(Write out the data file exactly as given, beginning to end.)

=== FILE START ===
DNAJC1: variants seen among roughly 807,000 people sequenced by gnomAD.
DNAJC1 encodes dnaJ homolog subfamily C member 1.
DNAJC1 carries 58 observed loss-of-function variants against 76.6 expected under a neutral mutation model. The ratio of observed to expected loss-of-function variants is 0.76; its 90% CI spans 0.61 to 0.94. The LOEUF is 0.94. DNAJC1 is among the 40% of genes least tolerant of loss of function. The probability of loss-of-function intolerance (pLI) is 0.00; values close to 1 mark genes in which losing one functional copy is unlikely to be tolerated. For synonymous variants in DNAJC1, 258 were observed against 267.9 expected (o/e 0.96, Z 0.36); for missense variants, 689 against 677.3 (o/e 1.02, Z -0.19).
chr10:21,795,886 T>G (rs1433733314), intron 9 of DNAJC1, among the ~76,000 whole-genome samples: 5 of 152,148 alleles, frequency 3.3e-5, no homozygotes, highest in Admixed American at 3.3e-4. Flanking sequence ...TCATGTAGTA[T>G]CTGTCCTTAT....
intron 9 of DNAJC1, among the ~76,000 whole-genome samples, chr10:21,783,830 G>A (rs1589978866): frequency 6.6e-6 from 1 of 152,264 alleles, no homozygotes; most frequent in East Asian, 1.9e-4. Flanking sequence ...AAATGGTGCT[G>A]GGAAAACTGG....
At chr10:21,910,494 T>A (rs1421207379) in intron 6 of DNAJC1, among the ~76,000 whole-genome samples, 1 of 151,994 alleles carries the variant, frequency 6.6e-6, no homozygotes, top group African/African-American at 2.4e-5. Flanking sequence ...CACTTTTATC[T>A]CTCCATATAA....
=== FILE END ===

DNAJC1: variants seen among roughly 807,000 people sequenced by gnomAD.
DNAJC1 encodes dnaJ homolog subfamily C member 1.
DNAJC1 carries 58 observed loss-of-function variants against 76.6 expected under a neutral mutation model. The ratio of observed to expected loss-of-function variants is 0.76; its 90% CI spans 0.61 to 0.94. The LOEUF is 0.94. DNAJC1 is among the 40% of genes least tolerant of loss of function. The probability of loss-of-function intolerance (pLI) is 0.00; values close to 1 mark genes in which losing one functional copy is unlikely to be tolerated. For synonymous variants in DNAJC1, 258 were observed against 267.9 expected (o/e 0.96, Z 0.36); for missense variants, 689 against 677.3 (o/e 1.02, Z -0.19).
chr10:21,795,886 T>G (rs1433733314), intron 9 of DNAJC1, among the ~76,000 whole-genome samples: 5 of 152,148 alleles, frequency 3.3e-5, no homozygotes, highest in Admixed American at 3.3e-4. Flanking sequence ...TCATGTAGTA[T>G]CTGTCCTTAT....
intron 9 of DNAJC1, among the ~76,000 whole-genome samples, chr10:21,783,830 G>A (rs1589978866): frequency 6.6e-6 from 1 of 152,264 alleles, no homozygotes; most frequent in East Asian, 1.9e-4. Flanking sequence ...AAATGGTGCT[G>A]GGAAAACTGG....
At chr10:21,910,494 T>A (rs1421207379) in intron 6 of DNAJC1, among the ~76,000 whole-genome samples, 1 of 151,994 alleles carries the variant, frequency 6.6e-6, no homozygotes, top group African/African-American at 2.4e-5. Flanking sequence ...CACTTTTATC[T>A]CTCCATATAA....